For your potential buyers, an email with great resources can certainly help earn their trust. And you can certainly write it in a conversational tone. But sometimes, they just want to ask a question and move on. When to use email, and when to let the chatbot do the work, is your decision.

AI Versus Humans

In the same vein as deciding which channel to use, you'll have to decide which resource to put to work. Artificial intelligence (AI) can help filter users between those just browsing, your competition, current clients and prospects. 

drift-vs-hubspot-conversations-book-meeting-in-chat-driftBy setting up the paths ahead of time with leading questions and specific parameters for the answers, you'll help craft a journey that feels personal, even if they know it's a bot.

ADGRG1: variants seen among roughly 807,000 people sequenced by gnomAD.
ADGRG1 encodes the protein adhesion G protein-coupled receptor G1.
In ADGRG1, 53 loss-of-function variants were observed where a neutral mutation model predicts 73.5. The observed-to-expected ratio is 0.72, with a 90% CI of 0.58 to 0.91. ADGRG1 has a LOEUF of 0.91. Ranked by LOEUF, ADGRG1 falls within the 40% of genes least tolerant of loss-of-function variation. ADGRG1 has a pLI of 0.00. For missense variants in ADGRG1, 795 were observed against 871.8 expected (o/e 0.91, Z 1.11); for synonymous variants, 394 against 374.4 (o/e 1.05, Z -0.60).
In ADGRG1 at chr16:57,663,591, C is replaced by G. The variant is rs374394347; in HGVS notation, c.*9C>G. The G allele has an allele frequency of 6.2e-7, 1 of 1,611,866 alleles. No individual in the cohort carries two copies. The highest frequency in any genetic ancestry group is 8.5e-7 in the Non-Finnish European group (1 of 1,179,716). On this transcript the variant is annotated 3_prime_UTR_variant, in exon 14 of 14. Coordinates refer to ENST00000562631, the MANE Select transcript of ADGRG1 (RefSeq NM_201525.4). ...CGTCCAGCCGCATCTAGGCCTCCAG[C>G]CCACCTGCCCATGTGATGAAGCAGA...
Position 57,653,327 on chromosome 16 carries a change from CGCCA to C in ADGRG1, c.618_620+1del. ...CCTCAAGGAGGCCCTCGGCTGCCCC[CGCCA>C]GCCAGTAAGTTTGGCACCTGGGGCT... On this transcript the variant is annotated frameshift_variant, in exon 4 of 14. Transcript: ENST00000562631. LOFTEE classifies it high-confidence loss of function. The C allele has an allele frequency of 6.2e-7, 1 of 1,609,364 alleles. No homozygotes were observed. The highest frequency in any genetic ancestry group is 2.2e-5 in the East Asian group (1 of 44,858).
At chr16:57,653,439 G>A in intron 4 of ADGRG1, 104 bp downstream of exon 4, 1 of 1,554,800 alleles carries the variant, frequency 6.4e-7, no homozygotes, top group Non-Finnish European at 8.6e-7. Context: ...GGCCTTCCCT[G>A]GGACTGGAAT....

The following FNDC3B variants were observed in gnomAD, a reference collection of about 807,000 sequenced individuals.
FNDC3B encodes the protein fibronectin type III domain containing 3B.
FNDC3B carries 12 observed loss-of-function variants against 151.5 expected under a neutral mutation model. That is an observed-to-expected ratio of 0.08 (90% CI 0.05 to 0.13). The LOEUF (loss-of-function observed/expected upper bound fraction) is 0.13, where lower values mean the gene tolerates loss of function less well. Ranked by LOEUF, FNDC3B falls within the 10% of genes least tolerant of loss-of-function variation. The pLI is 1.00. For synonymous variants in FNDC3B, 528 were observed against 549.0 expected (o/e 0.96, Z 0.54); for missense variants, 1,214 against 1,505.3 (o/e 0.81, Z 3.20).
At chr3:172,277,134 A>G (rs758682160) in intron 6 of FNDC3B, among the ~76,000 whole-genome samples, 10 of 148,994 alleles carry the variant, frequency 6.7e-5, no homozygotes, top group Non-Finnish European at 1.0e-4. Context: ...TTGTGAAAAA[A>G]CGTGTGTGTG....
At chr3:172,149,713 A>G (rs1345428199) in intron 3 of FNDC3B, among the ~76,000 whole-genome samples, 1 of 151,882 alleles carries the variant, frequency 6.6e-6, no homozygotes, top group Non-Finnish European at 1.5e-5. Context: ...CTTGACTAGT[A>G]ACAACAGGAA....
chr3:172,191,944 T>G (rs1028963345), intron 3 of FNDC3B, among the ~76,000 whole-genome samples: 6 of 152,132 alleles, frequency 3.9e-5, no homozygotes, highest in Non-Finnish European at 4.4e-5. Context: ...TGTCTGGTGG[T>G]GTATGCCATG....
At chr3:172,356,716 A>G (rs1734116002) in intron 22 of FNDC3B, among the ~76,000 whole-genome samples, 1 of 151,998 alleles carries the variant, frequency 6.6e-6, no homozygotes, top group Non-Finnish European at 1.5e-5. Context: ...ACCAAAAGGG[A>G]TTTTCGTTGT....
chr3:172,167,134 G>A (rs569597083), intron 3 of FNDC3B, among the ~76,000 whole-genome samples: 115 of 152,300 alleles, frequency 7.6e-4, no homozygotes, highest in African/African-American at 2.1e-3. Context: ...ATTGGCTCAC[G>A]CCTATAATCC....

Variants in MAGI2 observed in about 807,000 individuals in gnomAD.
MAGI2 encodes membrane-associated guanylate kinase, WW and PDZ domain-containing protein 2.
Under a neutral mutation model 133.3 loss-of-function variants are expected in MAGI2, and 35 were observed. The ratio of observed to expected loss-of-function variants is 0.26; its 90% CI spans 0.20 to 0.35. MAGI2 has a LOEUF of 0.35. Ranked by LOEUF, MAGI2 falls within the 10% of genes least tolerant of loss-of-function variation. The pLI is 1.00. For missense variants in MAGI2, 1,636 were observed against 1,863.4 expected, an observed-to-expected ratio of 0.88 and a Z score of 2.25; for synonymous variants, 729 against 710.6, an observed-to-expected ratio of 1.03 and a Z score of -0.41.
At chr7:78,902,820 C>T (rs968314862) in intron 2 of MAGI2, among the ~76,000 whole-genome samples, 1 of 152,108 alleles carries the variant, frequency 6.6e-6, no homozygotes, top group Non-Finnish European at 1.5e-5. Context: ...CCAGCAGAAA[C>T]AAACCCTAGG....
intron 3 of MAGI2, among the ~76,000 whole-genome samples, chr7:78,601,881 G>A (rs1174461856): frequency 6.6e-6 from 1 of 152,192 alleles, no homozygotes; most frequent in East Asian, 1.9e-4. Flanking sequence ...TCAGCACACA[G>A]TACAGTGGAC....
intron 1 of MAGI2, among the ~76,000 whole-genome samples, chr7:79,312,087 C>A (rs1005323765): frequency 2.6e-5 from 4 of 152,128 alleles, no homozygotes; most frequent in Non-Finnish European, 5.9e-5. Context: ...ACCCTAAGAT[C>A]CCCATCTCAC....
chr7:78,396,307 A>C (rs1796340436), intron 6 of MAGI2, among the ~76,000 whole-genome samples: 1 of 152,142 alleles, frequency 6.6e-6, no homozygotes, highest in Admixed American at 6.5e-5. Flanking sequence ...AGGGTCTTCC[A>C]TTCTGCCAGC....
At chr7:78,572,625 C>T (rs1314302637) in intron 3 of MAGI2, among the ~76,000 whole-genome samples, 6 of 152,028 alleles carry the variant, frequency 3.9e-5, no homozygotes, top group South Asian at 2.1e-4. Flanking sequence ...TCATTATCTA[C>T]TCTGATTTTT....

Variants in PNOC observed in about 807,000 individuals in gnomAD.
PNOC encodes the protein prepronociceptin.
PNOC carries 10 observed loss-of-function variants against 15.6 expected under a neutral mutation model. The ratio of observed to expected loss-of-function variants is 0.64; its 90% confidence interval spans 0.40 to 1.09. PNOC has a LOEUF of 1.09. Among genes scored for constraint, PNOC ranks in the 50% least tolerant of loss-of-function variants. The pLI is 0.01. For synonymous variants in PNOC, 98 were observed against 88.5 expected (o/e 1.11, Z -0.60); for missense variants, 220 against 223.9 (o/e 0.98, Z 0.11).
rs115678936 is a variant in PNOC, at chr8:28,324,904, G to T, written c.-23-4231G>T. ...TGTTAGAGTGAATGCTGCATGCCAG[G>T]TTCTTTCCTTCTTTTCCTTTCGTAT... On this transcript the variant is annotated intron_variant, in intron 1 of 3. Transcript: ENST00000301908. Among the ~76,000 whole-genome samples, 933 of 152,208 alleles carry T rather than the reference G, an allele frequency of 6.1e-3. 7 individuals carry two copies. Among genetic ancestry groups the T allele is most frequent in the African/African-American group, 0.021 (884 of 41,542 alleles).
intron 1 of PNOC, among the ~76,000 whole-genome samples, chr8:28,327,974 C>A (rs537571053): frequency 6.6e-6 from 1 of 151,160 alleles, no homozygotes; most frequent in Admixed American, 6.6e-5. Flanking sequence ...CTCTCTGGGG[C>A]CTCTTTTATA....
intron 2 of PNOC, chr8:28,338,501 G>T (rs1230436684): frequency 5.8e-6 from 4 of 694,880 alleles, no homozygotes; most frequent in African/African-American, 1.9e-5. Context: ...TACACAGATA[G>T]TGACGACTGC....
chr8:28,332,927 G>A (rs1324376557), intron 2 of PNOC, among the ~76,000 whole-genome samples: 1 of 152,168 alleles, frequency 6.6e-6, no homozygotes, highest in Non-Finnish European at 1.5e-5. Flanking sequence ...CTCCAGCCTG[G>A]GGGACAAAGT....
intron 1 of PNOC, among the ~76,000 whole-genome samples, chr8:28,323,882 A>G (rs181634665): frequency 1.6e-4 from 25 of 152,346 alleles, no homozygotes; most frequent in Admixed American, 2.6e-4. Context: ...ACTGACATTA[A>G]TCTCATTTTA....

Then, if the user asks a question that your bot can't answer or they're ready to make a decision, you can quickly and seamlessly make an introduction to a human.

Of course, it takes humans to first set up the journey for the user, so really you're putting human knowledge, skills and personality to work from the beginning. 

The key to remember is this: Just be ready to talk when your prospects are ready. Don't keep putting obstacles in their way when they're showing intent or asking for an appointment.

Chatbots Versus Forms

While forms aren’t inherently an email tool, they often connect to emails. And we had to include it as a question, because it comes up often in this greater conversation. 

So, how many times have you wanted to look at some material, only to be turned off by a long form?